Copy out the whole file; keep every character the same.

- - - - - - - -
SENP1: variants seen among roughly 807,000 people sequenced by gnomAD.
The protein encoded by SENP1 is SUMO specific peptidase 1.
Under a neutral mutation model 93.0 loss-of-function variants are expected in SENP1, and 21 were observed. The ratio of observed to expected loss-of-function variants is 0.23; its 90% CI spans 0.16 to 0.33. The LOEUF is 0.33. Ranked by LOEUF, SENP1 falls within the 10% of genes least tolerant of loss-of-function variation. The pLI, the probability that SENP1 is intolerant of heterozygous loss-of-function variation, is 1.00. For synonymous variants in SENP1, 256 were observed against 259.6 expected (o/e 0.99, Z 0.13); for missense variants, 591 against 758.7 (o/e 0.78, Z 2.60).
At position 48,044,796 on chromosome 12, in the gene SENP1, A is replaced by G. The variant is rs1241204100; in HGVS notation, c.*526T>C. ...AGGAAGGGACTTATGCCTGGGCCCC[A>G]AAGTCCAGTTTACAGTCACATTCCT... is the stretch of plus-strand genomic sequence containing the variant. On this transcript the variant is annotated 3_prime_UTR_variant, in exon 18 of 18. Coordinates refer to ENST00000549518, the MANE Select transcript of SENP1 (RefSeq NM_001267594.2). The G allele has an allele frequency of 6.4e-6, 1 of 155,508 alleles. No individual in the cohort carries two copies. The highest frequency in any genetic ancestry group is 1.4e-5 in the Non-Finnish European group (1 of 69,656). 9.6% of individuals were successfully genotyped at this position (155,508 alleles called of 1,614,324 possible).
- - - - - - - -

SENP1: variants seen among roughly 807,000 people sequenced by gnomAD.
The protein encoded by SENP1 is SUMO specific peptidase 1.
Under a neutral mutation model 93.0 loss-of-function variants are expected in SENP1, and 21 were observed. The ratio of observed to expected loss-of-function variants is 0.23; its 90% CI spans 0.16 to 0.33. The LOEUF is 0.33. Ranked by LOEUF, SENP1 falls within the 10% of genes least tolerant of loss-of-function variation. The pLI, the probability that SENP1 is intolerant of heterozygous loss-of-function variation, is 1.00. For synonymous variants in SENP1, 256 were observed against 259.6 expected (o/e 0.99, Z 0.13); for missense variants, 591 against 758.7 (o/e 0.78, Z 2.60).
At position 48,044,796 on chromosome 12, in the gene SENP1, A is replaced by G. The variant is rs1241204100; in HGVS notation, c.*526T>C. ...AGGAAGGGACTTATGCCTGGGCCCC[A>G]AAGTCCAGTTTACAGTCACATTCCT... is the stretch of plus-strand genomic sequence containing the variant. On this transcript the variant is annotated 3_prime_UTR_variant, in exon 18 of 18. Coordinates refer to ENST00000549518, the MANE Select transcript of SENP1 (RefSeq NM_001267594.2). The G allele has an allele frequency of 6.4e-6, 1 of 155,508 alleles. No individual in the cohort carries two copies. The highest frequency in any genetic ancestry group is 1.4e-5 in the Non-Finnish European group (1 of 69,656). 9.6% of individuals were successfully genotyped at this position (155,508 alleles called of 1,614,324 possible).